Many people assume that you wouldn’t hold a bar responsible if someone was raped there, so why should a dating app be held to a different standard. Is this a fair comparison?

“That’s not true,” said Carrie Goldberg, a victims’ rights attorney who handles cases involving online abuse. “If my client was raped in a bar and there was any notice that the bartenders gave her too much to drink or she tried to ask them for help and they didn’t, I guarantee I’d have them as a defendant.”

In fact, bars have to check identification to avoid serving alcohol to minors and are at legal risk if a patron slips on a spill that they knew about. Yet such traditional tort liabilities typically don’t apply to online dating companies, experts note.

“If you set up a rusty playground, and people fall down and get tetanus, just because you can say most kids fall down and don’t get tetanus, that’s not an answer,” said Mary Anne Franks, a professor at the University of Miami School of Law, who specializes in constitutional and cyber law. “And yet that’s the system we’ve set up for internet companies.”

Should I expect a dating app to do anything about something that happened in real life?

Online dating companies have made a range of commitments to ensure user safety. The most popular sites say they have customer service teams to review users’ rape reports. They promise to block a bad actor once found. Match Group assures its users that it will check across Tinder, Hinge and all its brands to block an accused user’s account. Bumble declares a “strong stance” against abusive behavior on its site. Match, EHarmony and Sparks Network, which owns Zoosk, ChristianMingle and JDate, signed a best-practices statement in 2012 agreeing to establish a “rapid abuse reporting system” that “acknowledges receipt of the customer concerns.” Grindr makes no guarantees.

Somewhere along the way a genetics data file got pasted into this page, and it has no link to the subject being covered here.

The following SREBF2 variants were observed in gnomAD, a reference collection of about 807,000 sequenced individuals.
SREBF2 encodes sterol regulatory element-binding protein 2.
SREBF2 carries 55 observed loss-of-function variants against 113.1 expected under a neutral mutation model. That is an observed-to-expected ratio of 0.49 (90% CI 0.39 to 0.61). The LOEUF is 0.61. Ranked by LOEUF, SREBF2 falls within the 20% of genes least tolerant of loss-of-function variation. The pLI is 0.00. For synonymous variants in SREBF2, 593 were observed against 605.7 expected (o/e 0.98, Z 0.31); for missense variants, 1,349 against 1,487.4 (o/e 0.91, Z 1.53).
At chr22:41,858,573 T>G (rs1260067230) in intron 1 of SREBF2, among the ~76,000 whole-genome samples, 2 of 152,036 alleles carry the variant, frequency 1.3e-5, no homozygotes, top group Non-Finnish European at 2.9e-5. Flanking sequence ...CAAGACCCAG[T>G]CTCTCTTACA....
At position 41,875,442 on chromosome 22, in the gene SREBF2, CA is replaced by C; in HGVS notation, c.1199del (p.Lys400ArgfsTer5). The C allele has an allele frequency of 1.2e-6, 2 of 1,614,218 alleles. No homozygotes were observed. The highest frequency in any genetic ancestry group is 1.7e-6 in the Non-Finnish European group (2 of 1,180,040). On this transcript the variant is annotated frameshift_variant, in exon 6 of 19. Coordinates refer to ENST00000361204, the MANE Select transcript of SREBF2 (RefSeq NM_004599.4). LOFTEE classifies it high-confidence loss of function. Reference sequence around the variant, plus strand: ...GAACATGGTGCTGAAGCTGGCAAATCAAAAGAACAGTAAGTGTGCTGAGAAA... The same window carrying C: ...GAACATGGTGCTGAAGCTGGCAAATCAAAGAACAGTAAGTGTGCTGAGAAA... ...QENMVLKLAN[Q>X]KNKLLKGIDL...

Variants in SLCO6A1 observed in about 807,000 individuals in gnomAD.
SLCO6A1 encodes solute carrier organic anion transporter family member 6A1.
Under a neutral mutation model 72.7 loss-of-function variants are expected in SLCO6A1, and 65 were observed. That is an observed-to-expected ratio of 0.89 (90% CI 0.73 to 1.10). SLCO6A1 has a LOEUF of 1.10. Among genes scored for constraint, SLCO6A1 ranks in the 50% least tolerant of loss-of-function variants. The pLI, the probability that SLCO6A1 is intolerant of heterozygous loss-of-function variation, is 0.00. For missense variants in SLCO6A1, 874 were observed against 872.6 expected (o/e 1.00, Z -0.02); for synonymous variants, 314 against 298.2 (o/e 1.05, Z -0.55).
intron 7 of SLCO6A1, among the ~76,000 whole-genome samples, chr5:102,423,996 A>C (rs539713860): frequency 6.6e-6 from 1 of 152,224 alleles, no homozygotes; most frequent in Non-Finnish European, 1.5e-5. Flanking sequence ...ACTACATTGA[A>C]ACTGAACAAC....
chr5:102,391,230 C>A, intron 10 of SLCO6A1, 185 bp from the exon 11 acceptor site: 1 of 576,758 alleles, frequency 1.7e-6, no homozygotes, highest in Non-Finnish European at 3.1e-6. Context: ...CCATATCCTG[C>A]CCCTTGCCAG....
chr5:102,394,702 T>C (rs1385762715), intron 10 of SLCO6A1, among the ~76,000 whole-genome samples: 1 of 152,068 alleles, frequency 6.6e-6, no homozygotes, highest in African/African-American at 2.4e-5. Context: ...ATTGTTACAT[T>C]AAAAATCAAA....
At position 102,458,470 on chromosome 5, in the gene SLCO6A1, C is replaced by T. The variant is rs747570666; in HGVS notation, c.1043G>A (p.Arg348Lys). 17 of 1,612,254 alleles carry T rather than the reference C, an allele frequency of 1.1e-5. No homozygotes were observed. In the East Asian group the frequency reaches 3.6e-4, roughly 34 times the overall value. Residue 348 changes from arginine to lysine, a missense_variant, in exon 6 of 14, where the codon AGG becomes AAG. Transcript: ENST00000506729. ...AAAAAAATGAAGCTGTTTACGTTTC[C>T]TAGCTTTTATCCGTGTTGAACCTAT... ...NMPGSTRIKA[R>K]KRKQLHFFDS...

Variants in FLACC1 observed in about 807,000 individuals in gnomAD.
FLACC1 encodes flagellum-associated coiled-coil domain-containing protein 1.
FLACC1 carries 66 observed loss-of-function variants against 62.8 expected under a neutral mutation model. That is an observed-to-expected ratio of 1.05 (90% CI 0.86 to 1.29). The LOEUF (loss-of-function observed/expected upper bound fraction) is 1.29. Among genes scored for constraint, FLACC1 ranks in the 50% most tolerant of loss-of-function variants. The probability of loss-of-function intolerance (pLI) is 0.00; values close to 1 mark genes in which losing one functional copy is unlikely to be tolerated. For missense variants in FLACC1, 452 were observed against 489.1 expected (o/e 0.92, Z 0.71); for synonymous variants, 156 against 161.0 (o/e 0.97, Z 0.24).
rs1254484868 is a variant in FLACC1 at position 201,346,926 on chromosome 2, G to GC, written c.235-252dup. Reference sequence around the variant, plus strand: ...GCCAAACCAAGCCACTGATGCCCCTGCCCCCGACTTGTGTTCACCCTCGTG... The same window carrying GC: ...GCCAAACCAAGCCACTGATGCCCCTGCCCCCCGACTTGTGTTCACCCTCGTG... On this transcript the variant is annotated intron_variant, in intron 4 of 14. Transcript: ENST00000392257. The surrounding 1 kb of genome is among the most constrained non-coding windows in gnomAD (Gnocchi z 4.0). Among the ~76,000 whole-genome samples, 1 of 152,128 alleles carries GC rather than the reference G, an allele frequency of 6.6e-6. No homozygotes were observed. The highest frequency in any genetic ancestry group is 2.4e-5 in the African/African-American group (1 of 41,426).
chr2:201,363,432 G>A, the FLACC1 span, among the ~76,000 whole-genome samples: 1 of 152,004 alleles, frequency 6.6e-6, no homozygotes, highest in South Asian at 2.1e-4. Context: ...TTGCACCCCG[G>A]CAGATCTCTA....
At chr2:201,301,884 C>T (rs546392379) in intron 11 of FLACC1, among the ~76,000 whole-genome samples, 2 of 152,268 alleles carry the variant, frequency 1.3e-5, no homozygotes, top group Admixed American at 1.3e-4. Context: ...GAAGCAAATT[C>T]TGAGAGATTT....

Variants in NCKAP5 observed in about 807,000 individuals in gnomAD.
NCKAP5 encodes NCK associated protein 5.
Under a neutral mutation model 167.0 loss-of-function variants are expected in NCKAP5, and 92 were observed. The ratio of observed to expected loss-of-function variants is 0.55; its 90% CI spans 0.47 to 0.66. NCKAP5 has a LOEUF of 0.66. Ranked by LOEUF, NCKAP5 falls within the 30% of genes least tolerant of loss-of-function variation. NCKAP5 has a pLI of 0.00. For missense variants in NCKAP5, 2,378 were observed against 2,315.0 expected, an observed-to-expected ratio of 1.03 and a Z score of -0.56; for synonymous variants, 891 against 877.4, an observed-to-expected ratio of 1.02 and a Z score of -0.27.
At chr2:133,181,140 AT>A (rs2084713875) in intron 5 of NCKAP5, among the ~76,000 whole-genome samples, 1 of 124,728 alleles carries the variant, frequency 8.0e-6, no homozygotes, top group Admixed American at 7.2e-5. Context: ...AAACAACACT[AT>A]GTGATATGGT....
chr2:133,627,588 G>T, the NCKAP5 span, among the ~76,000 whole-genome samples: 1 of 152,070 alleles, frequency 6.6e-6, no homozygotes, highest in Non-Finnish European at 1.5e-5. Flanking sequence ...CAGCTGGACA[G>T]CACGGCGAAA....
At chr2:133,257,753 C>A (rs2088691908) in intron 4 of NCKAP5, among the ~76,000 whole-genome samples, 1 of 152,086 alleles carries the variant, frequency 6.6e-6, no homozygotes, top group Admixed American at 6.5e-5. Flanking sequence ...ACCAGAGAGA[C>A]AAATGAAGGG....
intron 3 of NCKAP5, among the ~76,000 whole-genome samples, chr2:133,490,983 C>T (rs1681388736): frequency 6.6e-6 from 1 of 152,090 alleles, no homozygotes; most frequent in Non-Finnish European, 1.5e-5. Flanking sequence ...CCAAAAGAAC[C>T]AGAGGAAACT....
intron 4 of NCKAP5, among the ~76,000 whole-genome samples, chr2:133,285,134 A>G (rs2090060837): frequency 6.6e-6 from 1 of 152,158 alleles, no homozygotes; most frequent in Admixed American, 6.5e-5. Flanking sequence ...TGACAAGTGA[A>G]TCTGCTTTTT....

“Rapid response is important,” said Bethany Backes, assistant professor in the Violence Against Women Faculty Cluster Initiative at the University of Central Florida. Of the apps, she said, “Morally, they should take some sort of action.”

Our reporting has found that dating platforms don’t always live up to their words. Yet some experts, like Goldberg, argue that Americans should judge those apps harshly. “If you’ve designed a dangerous product and you’re making money off of it,” she said, “you can’t abdicate that responsibility.”

What do dating platforms say they’ll do when you report a rapist?

Platforms like Tinder, Hinge, PlentyofFish and Bumble say they will investigate a rape report, attempt to identify the accused user and block him or her. A police report is not required to alert the company. Match Group promises to check what it describes as a “centralized safety repository” across its brands to see if an accused user has other accounts. If so, according to Match Group, those accounts are blocked. Grindr makes no promises to block accounts.

Are there registered or convicted sex offenders on dating apps?


While most popular dating sites and apps do not screen against sex offender registries or conduct background checks, users are agreeing to approve these companies’ right to screen them at any time, according to the service agreements.

To sign up for apps like Tinder, Hinge, OkCupid and PlentyofFish, users must agree through the terms of service that they’ve never been convicted or pleaded no contest to a felony or sex crime. They also confirm they are not registered sex offenders. Bumble and Grindr don’t conduct criminal background checks on members.

Most people don’t read the terms of service before signing up for a dating app. Is there anything in there that I should know about?

When agreeing to the most popular dating apps’ service contracts, users are also agreeing to pursue any legal claim against the company through arbitration — an avenue to resolve disputes outside the regular court system. If a user does pursue such a claim, the service agreement states that he or she gives up the right to go to court and appear before a judge or jury. A user also gives up the right to participate in a class-action lawsuit.